Data Policy Compliance

Recently, Google took an extension down from the chrome web store that I had previously been using as part of a research project. Here are my thoughts on the matter.

An experiment with extensions

First, it is worth mentioning that the extension was originally used for a pilot study a while ago, and isn’t any longer in use, so no-one is being adversely affected by this. I also fully support any move that will increase users privacy, and like what I’m seeing.

But it does strike me as a little hypocritical that google should take down a tool which was being used to collect data for research when their whole business model is about hoarding data. Whatever, I’m not the multi-billion-dollar-conglomerate, so what does my opinion count?

The extension in question was used in a controlled study environment, and collected the following data:

  • Domains of sites visited for the duration of the experiment
  • Some code that people wrote in an editor
  • An email address

Prior to taking part, all participants would have had this explained to them, and completed a consent form that detailed the policy surrounding how their data would be stored, and how to opt out at a later date. (I.e. they were talked through the privacy policy). We did this as part of going through the university’s ethics approval process, and then telling participants this in the consent form they signed before taking part.

Despite this, and despite the fact that the chrome extension itself was “unlisted” – i.e. without our explicit approval people could not install it, the extension was found to be violating the chrome web store guidelines. The clinching failure seems to centre around not have a viable privacy policy (A failing of my own – I had neglected this considering it to only concern commercial enterprise).

If that’s how google wants to handle things, fair enough. For a long time the web store has been a hive of malware, and if Google are finally cleaning up and police their storefront, that’s a good thing. I’ll take down my extension and find some other route for measuring data in future research projects if it means there will be less malware for people to encounter.

For now, as part of further research, we’ve decided to build a custom system that has all of the coding side integrated using a GitLab instance. Once built we’ll be able to handle the code collection, execution, e-mail addressing and any questionnaire stuff ourselves. If we want to handle visited domains, we’ll need to work something else out though that would be in line with extension hosting guidelines.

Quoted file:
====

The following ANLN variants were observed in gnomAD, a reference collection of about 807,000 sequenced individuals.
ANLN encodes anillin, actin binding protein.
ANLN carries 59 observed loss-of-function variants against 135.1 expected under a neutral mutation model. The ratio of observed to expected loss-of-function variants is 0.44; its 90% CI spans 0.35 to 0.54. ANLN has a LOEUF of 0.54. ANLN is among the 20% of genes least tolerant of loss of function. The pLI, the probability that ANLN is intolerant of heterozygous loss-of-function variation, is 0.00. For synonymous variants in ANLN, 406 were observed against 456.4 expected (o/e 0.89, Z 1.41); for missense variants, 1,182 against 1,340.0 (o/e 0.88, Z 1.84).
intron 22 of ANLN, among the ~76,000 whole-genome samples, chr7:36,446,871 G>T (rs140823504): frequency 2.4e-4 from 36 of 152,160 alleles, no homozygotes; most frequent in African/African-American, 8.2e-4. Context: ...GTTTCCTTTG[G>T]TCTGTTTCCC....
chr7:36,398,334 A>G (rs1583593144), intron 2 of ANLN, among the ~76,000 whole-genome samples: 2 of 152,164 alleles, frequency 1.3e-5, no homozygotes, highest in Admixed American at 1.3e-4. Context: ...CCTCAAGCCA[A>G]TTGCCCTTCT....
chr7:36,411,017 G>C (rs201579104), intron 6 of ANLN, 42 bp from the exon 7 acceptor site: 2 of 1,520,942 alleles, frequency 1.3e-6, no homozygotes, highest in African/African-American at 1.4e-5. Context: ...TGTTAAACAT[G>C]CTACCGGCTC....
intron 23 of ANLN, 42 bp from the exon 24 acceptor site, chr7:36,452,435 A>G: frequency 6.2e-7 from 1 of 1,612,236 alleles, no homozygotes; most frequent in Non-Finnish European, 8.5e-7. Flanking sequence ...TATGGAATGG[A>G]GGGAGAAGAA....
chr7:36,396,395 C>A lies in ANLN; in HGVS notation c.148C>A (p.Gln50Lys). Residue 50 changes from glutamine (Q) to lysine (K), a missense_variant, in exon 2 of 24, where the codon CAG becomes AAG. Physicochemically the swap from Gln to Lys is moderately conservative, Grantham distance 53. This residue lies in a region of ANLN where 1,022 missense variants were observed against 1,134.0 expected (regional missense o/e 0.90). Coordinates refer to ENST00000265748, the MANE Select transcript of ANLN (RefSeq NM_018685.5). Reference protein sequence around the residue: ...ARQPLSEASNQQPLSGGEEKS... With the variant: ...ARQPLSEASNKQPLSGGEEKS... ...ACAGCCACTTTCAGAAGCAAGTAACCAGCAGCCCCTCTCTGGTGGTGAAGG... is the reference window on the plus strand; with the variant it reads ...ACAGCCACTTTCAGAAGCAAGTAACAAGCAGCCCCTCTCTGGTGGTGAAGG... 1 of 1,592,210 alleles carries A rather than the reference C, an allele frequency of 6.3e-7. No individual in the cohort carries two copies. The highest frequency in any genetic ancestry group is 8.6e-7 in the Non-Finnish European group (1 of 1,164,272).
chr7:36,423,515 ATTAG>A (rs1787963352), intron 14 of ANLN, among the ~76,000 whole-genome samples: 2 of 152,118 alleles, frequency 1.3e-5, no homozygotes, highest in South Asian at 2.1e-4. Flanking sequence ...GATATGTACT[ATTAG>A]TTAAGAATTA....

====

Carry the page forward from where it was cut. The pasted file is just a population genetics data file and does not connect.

To summarise my thoughts on a perspective of google’s newfound privacy-centric attitude:

  1. A privacy policy isn’t a measure of trust – Just because someone provides a privacy policy, that doesn’t in and of itself make it user friendly and privacy compliant. Unless you have some way of vetting that the entities that make extensions actually follow through with what they claim in their privacy policy, it means absolutely nothing. It strikes me that Google’s lawyers are just covering their backsides by requiring these, and if that’s what they’re using to police their web store, I am not filled with confidence.
  2. Their developer guidelines require Prominent Disclosure of collected data – This is when you state up front, clearly, what data is going to be collected whenever it gets collected. When we collected data, there was a big red banner that said “Domains you visit are currently being captured” that was added to the webpage. I can’t help but notice that Google doesn’t prominently disclose the fact that they are capturing your data every time you search, watch a youtube video, use your android phone in any fashion… you get the idea.
  3. Data collection requires affirmative consent – Beyond just having a privacy policy you need explicit consent to capture private data. We properly explained how data was going to be collected both before (the consent form) and during (a red banner). I can’t help but think that what with the massive long privacy document (that the majority of people won’t read) you have to agree to in order to use Google services, they’re kind of missing the “affirmative consent” part when people start using their services.

Some advice for researchers:

  • This goes without saying, but get a consent form from your ethics approval department. In addition to this, get your ethics approval department to provide you with a legalese privacy policy as well – you can use that if you need a browser extension, but I imagine it will come in handy in other aspects of research that may be impacted by GDPR.
  • Any time data is being collected (private or not, just to be safe), use big red warning banners to let participants know whats happening. I appreciate that this could feasibly impact the neutrality of the data in some circumstances, but informed consent is still important.
  • Treat your extension (indeed any software or setup used) as if it was going to be public, even if it is marked as private or unlisted. This comes in handy if you have to rely on a 3rd party, but should also future proof your setup should you wish to open source it at a later date (something I would strongly recommend doing for replication reasons).
  • If using a browser extension, avoid the browser vendor webstore entirely where possible – if you’re doing the study in-person, this should be doable. You won’t have to worry about Google / Mozilla making changes to their service mid-experiment. This is a consideration to have if you want remote participants.

And some advice for Google:

  • If you’re going to hold developers to such a high standard of privacy, good for you. But maybe consider holding yourselves to that same standard. It just seems like the right thing to do.


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